In Orwell's "Shooting an Elephant," does the elephant become a metaphor for colonial rule?
According to critic Thomas Bertonneau, the elephant of Orwell's essay symbolizes the pervasive corruption of imperialism as it affects both sides since imperialism corrupts the souls of both the conqueror and the conquered. This powerful animal, crushing whatever comes in its path, represents the conqueror; then, once the animal becomes rogue, it represents the resentment of the Burmese. Also, as a fallen symbol of the imperial government, the elephant induces the rapacity of the Burmese, who wish to take the flesh of this elephant in order to tyrannize something themselves.
When Orwell as a police official must respond to a call that an elephant was ravaging a bazaar, he finds himself "feeling two thousand wills pressing me forward." At this point, he realizes that, as a respresentative of the imperial government, he is compelled to shoot the elephant although he does not wish to do so.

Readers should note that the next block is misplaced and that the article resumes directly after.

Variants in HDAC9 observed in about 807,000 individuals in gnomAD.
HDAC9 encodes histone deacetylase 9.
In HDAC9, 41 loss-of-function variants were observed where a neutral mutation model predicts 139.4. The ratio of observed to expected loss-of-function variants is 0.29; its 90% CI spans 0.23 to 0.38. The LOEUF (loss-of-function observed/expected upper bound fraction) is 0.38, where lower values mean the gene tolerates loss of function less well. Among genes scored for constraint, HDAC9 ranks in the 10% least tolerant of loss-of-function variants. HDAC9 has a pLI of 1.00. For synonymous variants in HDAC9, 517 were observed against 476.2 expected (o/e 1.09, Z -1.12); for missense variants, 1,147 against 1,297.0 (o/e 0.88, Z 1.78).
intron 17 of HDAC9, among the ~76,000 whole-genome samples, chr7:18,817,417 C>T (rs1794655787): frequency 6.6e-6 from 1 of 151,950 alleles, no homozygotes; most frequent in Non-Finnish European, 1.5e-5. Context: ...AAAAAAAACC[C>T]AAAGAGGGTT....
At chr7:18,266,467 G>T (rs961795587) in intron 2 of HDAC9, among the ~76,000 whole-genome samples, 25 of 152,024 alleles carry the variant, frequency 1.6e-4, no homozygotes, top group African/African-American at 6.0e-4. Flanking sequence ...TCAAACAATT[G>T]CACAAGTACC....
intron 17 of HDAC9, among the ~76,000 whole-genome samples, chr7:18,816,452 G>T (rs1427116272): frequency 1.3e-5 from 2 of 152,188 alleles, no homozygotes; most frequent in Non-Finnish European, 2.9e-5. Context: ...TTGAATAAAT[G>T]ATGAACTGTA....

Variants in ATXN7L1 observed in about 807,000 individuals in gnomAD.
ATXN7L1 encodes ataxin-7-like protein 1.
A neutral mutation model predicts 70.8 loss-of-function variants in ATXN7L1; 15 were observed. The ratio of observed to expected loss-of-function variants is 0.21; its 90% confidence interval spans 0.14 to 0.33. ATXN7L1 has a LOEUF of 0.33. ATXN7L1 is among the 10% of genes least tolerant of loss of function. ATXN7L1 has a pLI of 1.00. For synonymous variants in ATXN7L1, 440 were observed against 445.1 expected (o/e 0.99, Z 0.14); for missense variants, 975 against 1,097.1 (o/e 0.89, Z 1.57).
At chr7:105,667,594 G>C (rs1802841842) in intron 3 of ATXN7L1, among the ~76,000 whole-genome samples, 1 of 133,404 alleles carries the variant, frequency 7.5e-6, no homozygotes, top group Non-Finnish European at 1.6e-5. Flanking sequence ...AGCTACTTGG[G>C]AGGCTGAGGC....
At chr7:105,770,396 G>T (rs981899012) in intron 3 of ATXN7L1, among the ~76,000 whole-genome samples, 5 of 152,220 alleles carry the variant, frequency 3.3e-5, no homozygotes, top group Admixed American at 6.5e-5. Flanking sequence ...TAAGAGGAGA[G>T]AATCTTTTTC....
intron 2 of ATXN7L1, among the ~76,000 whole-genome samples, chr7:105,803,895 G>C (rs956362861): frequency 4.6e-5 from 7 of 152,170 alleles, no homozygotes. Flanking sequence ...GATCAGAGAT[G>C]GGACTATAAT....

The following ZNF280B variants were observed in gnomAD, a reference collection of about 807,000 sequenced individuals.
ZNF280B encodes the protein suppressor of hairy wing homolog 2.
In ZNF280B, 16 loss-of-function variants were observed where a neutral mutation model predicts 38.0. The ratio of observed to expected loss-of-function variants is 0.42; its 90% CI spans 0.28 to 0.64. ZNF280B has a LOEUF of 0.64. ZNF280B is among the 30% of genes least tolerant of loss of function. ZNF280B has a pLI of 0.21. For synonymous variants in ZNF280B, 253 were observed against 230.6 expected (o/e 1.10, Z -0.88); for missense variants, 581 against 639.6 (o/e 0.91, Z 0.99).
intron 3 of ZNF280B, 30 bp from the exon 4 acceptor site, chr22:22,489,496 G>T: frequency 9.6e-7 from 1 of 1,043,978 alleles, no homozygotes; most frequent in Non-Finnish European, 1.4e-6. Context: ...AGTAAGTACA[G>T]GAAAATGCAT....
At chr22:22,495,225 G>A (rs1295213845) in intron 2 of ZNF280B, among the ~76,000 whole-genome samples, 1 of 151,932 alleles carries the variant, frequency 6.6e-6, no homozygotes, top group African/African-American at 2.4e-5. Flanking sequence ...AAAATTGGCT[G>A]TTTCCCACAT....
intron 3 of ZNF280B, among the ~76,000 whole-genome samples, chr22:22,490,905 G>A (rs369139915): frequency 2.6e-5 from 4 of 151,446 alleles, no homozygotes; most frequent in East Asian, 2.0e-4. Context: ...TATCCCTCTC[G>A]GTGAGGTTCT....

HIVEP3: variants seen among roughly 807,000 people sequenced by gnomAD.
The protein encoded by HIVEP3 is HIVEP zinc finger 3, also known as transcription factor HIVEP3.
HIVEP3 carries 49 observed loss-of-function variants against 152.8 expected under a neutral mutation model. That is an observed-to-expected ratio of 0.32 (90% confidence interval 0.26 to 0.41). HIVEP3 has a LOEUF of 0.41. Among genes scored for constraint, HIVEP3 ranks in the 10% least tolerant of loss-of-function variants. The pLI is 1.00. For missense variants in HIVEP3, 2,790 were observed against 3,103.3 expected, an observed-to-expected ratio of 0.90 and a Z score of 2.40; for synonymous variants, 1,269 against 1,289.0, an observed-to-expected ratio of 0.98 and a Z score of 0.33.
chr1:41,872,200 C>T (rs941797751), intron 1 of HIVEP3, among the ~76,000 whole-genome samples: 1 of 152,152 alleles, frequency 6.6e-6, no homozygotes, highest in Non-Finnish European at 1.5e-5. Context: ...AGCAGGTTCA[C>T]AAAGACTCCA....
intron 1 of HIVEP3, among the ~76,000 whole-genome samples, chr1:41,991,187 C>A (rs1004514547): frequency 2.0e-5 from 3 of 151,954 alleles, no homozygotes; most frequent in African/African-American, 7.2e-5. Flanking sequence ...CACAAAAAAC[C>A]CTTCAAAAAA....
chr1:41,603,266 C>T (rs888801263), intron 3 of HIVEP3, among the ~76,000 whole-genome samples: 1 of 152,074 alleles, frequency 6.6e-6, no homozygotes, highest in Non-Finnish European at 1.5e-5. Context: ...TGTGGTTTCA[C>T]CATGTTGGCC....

...at this moment, as I stood there with the rifle in my hands,...I grasped the hollowness, the futility of the white man's dominion in the East....I perceived...that when the white man turns tyrant it is his own freedom that he destroys.
To prevent the Burmese, who challenge his power, from laughing at him, Orwell shoots the elephant "to avoid looking like a fool." Like the British colonial rule, Orwell's power turns itself upon him.
check Approved by eNotes Editorial